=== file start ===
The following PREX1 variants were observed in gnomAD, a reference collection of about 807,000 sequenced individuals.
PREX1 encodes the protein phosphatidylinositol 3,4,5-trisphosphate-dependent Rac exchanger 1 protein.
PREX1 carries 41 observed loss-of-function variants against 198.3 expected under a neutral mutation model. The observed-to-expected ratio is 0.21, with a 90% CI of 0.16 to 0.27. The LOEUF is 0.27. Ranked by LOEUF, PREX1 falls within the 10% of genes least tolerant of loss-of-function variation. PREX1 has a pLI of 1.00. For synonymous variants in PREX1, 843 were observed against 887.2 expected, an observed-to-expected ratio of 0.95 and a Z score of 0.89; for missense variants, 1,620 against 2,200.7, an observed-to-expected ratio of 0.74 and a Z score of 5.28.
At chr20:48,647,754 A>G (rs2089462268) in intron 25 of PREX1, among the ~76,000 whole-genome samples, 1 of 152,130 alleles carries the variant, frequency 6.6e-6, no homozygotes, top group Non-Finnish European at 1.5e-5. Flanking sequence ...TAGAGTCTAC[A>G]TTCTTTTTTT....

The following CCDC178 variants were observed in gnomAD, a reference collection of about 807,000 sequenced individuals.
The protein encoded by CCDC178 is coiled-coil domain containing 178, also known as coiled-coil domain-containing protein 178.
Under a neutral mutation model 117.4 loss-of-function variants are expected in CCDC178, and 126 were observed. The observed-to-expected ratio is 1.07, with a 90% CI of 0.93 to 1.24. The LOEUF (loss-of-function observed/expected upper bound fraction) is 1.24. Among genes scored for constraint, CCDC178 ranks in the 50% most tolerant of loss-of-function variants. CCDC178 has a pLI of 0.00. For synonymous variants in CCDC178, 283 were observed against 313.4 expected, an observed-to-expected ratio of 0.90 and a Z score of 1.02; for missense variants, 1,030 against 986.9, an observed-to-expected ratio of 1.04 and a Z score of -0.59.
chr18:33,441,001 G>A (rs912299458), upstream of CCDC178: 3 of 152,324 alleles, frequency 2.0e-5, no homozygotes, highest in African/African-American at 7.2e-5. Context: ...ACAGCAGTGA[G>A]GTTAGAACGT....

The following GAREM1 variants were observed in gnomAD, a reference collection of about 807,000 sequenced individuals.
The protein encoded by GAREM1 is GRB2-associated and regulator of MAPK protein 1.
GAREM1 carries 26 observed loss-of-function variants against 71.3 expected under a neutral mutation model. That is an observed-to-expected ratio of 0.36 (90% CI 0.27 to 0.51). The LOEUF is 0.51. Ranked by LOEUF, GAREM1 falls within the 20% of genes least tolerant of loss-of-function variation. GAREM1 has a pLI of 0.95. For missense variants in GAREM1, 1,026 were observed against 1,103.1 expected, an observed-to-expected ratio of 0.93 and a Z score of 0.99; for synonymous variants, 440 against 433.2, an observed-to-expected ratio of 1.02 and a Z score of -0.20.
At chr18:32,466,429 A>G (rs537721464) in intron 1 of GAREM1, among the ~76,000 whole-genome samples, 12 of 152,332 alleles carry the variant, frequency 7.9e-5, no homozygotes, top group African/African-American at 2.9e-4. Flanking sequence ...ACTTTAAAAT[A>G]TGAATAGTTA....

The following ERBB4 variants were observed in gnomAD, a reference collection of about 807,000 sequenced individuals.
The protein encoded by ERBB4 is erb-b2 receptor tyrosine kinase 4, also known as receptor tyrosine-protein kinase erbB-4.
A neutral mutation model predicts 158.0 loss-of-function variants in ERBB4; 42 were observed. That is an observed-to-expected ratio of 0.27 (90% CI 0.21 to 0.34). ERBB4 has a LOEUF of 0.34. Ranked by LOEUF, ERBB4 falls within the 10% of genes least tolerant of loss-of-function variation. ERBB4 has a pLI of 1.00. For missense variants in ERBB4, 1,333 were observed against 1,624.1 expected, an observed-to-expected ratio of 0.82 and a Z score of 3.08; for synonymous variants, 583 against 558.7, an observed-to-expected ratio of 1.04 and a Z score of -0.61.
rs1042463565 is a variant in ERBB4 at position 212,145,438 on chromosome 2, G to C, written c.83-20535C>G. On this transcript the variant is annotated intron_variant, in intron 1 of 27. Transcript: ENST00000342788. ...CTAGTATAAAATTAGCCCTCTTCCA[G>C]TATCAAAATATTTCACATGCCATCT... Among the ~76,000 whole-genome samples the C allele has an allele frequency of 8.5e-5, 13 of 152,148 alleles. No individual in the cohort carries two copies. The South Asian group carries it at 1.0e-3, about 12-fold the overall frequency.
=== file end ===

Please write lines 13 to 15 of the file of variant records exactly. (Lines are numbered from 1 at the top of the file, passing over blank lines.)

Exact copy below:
The following ERBB4 variants were observed in gnomAD, a reference collection of about 807,000 sequenced individuals.
The protein encoded by ERBB4 is erb-b2 receptor tyrosine kinase 4, also known as receptor tyrosine-protein kinase erbB-4.
A neutral mutation model predicts 158.0 loss-of-function variants in ERBB4; 42 were observed. That is an observed-to-expected ratio of 0.27 (90% CI 0.21 to 0.34). ERBB4 has a LOEUF of 0.34. Ranked by LOEUF, ERBB4 falls within the 10% of genes least tolerant of loss-of-function variation. ERBB4 has a pLI of 1.00. For missense variants in ERBB4, 1,333 were observed against 1,624.1 expected, an observed-to-expected ratio of 0.82 and a Z score of 3.08; for synonymous variants, 583 against 558.7, an observed-to-expected ratio of 1.04 and a Z score of -0.61.